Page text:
South Carolina school shooting: 6-year-old Jacob Hall in 'fight for his life'
A six-year-old boy "is fighting for his life" a day after he was shot at his elementary school in South Carolina, his family said Thursday, as investigators said they were looking into the possibility that the teen suspect in the shooting may have been bullied.
Jacob Hall, a student at Townville Elementary School, was still listed in critical condition Thursday afternoon at Greenville Health System Children's Hospital.
Authorities say Jacob was shot by a 14-year-old gunman who opened fire on the school's playground — wounding Jacob, another boy and a female teacher.
"Jacob is a very sick little boy and is fighting for his life. Due to the massive blood loss he has sustained a major brain injury," the boy's family said in a statement Thursday night. "Jacob is in very critical condition, and we are hanging on every second."
In pictures: Aftermath of the SC school attack
The other little boy and teacher Meghan Hollingsworth were treated at a local hospital for their injuries and later released. Dr. Keith Webb of Greenville Health System Children's Hospital said in a statement that the bullet hit Jacob's femoral artery, causing massive blood loss and cardiopulmonary arrest, and the boy has undergone multiple surgeries.
"Please especially remember to keep little Jacob in your prayers, who continues to fight for his life," Townville Fire Chief Billy McAdams said during an emotional press conference Thursday afternoon. "He's a hard little fighter and you've got to continue to remember that."
The teen suspect, who officials said was home schooled, was subdued by 30-year veteran volunteer firefighter Jamie Brock, who arrived with McAdams at scene at around 1:45p.m. on Wednesday after reports of an active shooter at the school.
The suspect's father, Jeffrey Dewitt Osborne, 47, was later found dead in their home by the suspect's grandmother, who lived next door, authorities said.
Osborne's mother received a cellphone call from the suspect but "could not make out what he was saying because he was crying and upset," Anderson County Coroner Greg Shore said Wednesday. She went next door to the boy's home and found Osborne shot to death, Shore said.
Officials have not said the suspect shot and killed his father, adding that the "relevance" of Osborne's death remained under investigation. The Anderson County coroner told NBC News on Thursday that Osborne died from multiple gunshot wounds and that a .40-caliber weapon was used.
Investigators told NBC News on Thursday that they were looking into the possibility that the 14-year-old suspect had been bullied.
The teen was scheduled to appear in juvenile court in Anderson County on Friday morning.
McAdams said Thursday that the shooting was a "devastating and life-changing event" for the community and described how he and Brock "raced to the school and tried to help" after confirming there was a shooter at their local elementary school.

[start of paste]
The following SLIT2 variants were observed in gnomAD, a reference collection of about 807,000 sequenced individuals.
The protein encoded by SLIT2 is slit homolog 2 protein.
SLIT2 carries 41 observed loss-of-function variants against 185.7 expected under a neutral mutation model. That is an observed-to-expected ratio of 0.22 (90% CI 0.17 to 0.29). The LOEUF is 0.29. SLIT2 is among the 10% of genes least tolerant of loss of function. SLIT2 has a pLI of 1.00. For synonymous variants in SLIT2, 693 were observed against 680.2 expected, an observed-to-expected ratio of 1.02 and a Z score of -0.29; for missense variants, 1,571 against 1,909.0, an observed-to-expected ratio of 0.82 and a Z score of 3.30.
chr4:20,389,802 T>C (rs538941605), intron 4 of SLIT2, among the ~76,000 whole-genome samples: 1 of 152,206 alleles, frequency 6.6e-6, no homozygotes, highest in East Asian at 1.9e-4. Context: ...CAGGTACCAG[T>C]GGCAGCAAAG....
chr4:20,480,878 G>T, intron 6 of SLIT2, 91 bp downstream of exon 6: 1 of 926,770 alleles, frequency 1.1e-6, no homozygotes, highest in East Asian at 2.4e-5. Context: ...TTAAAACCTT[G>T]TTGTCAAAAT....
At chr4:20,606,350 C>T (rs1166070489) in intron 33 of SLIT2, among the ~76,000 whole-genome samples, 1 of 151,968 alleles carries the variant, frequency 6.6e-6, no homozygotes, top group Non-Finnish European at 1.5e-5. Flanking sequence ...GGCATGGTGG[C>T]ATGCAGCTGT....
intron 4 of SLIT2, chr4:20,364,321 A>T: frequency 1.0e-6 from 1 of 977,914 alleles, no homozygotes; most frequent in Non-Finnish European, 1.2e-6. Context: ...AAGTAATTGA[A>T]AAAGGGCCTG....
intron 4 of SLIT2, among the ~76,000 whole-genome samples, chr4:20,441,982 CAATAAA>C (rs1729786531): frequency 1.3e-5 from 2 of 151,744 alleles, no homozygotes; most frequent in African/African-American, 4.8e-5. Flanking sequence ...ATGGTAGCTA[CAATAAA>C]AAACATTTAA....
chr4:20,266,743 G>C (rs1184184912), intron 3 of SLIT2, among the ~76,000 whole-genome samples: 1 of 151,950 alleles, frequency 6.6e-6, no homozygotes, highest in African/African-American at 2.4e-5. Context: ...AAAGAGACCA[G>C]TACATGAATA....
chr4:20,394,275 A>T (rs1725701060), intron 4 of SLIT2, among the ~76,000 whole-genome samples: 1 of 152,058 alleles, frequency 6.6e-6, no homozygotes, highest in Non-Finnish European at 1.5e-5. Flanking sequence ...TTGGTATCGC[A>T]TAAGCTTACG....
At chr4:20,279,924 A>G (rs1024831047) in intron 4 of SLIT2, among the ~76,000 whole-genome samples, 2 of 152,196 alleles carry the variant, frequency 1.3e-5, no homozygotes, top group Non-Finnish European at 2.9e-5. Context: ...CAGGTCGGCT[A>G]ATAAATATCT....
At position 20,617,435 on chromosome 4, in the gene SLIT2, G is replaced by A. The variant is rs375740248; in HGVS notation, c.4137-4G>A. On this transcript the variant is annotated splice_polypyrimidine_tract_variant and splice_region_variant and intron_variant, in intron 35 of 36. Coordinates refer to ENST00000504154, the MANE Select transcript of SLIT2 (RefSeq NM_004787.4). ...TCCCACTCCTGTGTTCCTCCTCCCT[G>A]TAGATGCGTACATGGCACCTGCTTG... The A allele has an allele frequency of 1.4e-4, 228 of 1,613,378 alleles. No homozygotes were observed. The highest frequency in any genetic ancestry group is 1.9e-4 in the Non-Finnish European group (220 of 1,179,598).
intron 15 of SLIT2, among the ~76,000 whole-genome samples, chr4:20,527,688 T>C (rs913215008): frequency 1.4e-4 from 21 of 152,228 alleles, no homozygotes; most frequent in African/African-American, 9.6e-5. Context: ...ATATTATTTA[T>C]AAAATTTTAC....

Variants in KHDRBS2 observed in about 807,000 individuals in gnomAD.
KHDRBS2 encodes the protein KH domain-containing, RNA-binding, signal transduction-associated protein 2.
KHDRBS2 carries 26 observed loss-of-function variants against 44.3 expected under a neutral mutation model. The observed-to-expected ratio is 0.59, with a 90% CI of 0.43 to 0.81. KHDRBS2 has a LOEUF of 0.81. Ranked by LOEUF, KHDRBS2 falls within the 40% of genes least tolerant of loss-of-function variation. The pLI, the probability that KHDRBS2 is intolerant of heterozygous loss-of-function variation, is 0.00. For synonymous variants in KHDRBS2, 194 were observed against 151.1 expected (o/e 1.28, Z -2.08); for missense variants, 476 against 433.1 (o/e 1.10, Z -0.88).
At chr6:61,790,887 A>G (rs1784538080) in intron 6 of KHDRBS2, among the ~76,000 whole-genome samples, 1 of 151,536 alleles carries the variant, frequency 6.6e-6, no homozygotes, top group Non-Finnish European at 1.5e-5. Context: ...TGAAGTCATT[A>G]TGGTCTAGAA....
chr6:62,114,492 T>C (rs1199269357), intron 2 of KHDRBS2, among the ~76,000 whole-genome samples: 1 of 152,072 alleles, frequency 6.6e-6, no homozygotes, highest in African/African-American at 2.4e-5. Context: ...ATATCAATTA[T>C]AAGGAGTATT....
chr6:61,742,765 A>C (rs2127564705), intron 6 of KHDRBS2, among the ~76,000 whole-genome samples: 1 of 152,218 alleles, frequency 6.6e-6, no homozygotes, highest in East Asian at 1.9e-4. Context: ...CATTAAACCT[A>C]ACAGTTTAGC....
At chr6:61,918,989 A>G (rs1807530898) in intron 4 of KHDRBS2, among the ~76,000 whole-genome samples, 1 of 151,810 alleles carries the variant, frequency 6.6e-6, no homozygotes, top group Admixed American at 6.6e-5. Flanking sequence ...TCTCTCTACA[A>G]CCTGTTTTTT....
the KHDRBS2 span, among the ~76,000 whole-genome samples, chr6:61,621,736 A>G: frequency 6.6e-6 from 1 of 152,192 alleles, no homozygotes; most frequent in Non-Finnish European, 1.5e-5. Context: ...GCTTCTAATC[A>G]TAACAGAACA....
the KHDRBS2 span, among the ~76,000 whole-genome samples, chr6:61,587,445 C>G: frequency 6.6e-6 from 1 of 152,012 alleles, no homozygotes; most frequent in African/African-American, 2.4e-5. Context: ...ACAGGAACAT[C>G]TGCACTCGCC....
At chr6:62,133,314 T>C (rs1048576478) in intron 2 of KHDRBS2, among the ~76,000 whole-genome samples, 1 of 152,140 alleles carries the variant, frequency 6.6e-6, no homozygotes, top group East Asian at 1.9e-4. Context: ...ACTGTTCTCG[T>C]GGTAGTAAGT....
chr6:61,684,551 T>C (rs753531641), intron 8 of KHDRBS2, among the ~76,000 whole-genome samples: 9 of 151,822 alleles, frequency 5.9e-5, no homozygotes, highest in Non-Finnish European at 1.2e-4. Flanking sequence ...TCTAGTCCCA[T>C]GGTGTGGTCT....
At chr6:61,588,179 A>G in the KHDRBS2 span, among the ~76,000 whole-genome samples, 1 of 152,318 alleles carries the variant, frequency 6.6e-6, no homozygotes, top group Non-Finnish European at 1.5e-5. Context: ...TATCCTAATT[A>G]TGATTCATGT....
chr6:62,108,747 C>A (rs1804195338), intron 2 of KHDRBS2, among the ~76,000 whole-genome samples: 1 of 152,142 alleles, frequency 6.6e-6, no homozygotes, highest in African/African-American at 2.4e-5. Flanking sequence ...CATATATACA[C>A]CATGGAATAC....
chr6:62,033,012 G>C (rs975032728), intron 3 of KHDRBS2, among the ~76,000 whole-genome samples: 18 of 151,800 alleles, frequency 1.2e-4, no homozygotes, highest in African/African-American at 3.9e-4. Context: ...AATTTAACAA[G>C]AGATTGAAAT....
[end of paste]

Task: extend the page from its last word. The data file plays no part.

When McAdams and Brock arrived at the school, the chief went inside the building to help the injured while Brock continued to investigate the scene near the playground.
McAdams said he and a school nurse attended to Jacob and the other injured student — as shot teacher Meghan Hollingsworth told them "to take care of Jacob and not worry about her."
The nurse and McAdams continued to work with Jacob until other personnel arrived and the boy was flown out for "immediate treatment with critical injuries" at the hospital, he said.
While McAdams helped the injured, Brock made his way around the rear of the school building and spotted the suspect a short distance away, the fire chief said.
"Feeling that it was imperative to the safety of the students, the teachers and all the responders that were onsite, he immediately confronted and subdued that shooter," McAdams said, adding that Brock was able to keep the suspect on the ground until law enforcement took him into custody.
School administrators told NBC News that Brock was "a hero" and that quick-thinking, well-prepared teachers may have prevented the tragedy from being much worse.
"He tried to fire his way into the classroom," Joanne Avery, superintendent of Anderson School District 4, told NBC News on Wednesday. But "he was never allowed to access the building, and that's because the staff knew how to lock down the school."
Brock echoed the sentiment in a statement read by McAdams at the Thursday news conference, saying "the true heroes of yesterday's senseless tragedy" were the teachers and school officials who risked their lives to protect their students.
South Carolina Rep. Alan Clemmons wrote in a post on Facebook Wednesday that "six-year-old Jacob Hall" was the nephew of two "dear friends" of his, Dave and Sheila Williams. The bullet "ripped through little Jacob's femoral artery" and the boy was in need of multiple surgeries, Clemmons said in the post.
Clemmons said he had spoken to Jacob's grandfather, Steve McAdams and that he "is heartbroken, as is the rest of his family, over the tragedy that has befallen his little grandson."
"We appreciate the community's support, especially the Townville Rescue Squad who treated Jacob onsite and brought him to the hospital," said Rodger and Renae Hall, Jacob's parents, in a statement on Wednesday. "We appreciate everyone's thoughts and prayers and ask for privacy during this difficult time."